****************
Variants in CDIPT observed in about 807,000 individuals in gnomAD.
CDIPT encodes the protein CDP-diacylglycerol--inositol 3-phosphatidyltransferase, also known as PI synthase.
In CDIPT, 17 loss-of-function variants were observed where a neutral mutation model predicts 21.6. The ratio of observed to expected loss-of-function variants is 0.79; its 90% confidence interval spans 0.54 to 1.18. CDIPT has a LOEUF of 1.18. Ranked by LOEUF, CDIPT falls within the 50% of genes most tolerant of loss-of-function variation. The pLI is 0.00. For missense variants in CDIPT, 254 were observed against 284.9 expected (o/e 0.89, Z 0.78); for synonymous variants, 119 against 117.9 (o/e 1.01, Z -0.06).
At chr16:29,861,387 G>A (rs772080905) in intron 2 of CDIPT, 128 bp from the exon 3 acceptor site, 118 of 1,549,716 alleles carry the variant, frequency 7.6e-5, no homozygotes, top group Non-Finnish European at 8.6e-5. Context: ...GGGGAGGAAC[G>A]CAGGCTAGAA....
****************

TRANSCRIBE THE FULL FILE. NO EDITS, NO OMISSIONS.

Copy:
Variants in CDIPT observed in about 807,000 individuals in gnomAD.
CDIPT encodes the protein CDP-diacylglycerol--inositol 3-phosphatidyltransferase, also known as PI synthase.
In CDIPT, 17 loss-of-function variants were observed where a neutral mutation model predicts 21.6. The ratio of observed to expected loss-of-function variants is 0.79; its 90% confidence interval spans 0.54 to 1.18. CDIPT has a LOEUF of 1.18. Ranked by LOEUF, CDIPT falls within the 50% of genes most tolerant of loss-of-function variation. The pLI is 0.00. For missense variants in CDIPT, 254 were observed against 284.9 expected (o/e 0.89, Z 0.78); for synonymous variants, 119 against 117.9 (o/e 1.01, Z -0.06).
At chr16:29,861,387 G>A (rs772080905) in intron 2 of CDIPT, 128 bp from the exon 3 acceptor site, 118 of 1,549,716 alleles carry the variant, frequency 7.6e-5, no homozygotes, top group Non-Finnish European at 8.6e-5. Context: ...GGGGAGGAAC[G>A]CAGGCTAGAA....